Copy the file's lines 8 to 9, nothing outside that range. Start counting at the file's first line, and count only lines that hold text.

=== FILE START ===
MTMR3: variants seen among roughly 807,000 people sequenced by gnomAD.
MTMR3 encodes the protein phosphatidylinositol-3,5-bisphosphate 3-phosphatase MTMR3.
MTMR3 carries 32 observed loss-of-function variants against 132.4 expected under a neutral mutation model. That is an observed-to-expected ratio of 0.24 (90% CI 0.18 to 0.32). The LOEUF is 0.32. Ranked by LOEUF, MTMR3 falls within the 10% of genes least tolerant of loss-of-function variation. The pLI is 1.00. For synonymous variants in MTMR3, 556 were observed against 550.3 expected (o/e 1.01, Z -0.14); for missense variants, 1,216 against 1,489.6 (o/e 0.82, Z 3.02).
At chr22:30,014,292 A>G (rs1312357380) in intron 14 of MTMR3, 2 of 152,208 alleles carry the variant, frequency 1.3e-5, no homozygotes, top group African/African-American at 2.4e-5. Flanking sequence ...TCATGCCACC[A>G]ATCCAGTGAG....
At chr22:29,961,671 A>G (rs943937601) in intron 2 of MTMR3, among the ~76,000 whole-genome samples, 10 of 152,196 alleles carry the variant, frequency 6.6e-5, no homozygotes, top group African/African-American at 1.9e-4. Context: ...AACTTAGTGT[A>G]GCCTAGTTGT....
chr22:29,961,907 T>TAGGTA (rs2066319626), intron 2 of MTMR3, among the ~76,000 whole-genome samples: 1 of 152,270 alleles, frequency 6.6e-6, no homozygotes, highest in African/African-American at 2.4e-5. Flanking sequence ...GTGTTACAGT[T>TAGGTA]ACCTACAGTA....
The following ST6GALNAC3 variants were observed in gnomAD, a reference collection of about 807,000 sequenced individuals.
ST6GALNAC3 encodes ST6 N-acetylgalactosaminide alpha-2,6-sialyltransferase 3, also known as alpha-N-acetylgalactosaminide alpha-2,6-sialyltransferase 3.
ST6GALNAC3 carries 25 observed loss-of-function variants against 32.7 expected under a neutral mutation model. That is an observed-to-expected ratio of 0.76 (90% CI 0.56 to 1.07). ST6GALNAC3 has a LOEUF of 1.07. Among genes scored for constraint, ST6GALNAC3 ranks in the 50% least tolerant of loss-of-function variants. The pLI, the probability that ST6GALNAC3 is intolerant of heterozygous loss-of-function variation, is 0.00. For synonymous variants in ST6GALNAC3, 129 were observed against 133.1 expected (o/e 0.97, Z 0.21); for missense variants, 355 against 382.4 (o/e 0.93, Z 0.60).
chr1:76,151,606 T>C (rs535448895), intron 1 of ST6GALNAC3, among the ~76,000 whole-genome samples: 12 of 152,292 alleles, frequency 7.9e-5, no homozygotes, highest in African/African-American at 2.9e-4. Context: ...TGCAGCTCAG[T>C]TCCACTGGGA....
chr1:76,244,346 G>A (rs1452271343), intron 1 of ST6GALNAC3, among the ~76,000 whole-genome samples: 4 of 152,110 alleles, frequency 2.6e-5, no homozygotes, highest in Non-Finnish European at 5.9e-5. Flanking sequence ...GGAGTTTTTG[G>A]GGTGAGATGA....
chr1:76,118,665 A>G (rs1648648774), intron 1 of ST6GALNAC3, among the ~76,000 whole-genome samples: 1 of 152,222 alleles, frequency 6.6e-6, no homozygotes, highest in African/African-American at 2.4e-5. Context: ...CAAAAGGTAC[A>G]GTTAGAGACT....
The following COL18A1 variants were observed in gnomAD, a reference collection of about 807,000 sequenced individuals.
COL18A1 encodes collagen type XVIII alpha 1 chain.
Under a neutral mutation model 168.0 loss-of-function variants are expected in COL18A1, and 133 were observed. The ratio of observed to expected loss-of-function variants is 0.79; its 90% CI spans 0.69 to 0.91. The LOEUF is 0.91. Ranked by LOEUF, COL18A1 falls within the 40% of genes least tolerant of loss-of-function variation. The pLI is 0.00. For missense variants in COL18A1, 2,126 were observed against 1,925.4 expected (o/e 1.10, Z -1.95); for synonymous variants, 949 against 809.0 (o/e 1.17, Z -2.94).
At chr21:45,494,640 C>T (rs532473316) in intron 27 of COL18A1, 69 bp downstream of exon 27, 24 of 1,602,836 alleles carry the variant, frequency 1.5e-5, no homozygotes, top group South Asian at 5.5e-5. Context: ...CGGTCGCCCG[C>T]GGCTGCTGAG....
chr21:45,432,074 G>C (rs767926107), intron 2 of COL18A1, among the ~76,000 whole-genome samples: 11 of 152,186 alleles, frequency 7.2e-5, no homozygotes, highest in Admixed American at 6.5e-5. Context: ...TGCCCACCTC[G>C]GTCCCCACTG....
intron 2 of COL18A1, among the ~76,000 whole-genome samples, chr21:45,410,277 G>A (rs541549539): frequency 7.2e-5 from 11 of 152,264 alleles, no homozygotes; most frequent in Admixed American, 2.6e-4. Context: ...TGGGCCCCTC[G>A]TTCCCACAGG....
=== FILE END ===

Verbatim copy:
ST6GALNAC3 encodes ST6 N-acetylgalactosaminide alpha-2,6-sialyltransferase 3, also known as alpha-N-acetylgalactosaminide alpha-2,6-sialyltransferase 3.
ST6GALNAC3 carries 25 observed loss-of-function variants against 32.7 expected under a neutral mutation model. That is an observed-to-expected ratio of 0.76 (90% CI 0.56 to 1.07). ST6GALNAC3 has a LOEUF of 1.07. Among genes scored for constraint, ST6GALNAC3 ranks in the 50% least tolerant of loss-of-function variants. The pLI, the probability that ST6GALNAC3 is intolerant of heterozygous loss-of-function variation, is 0.00. For synonymous variants in ST6GALNAC3, 129 were observed against 133.1 expected (o/e 0.97, Z 0.21); for missense variants, 355 against 382.4 (o/e 0.93, Z 0.60).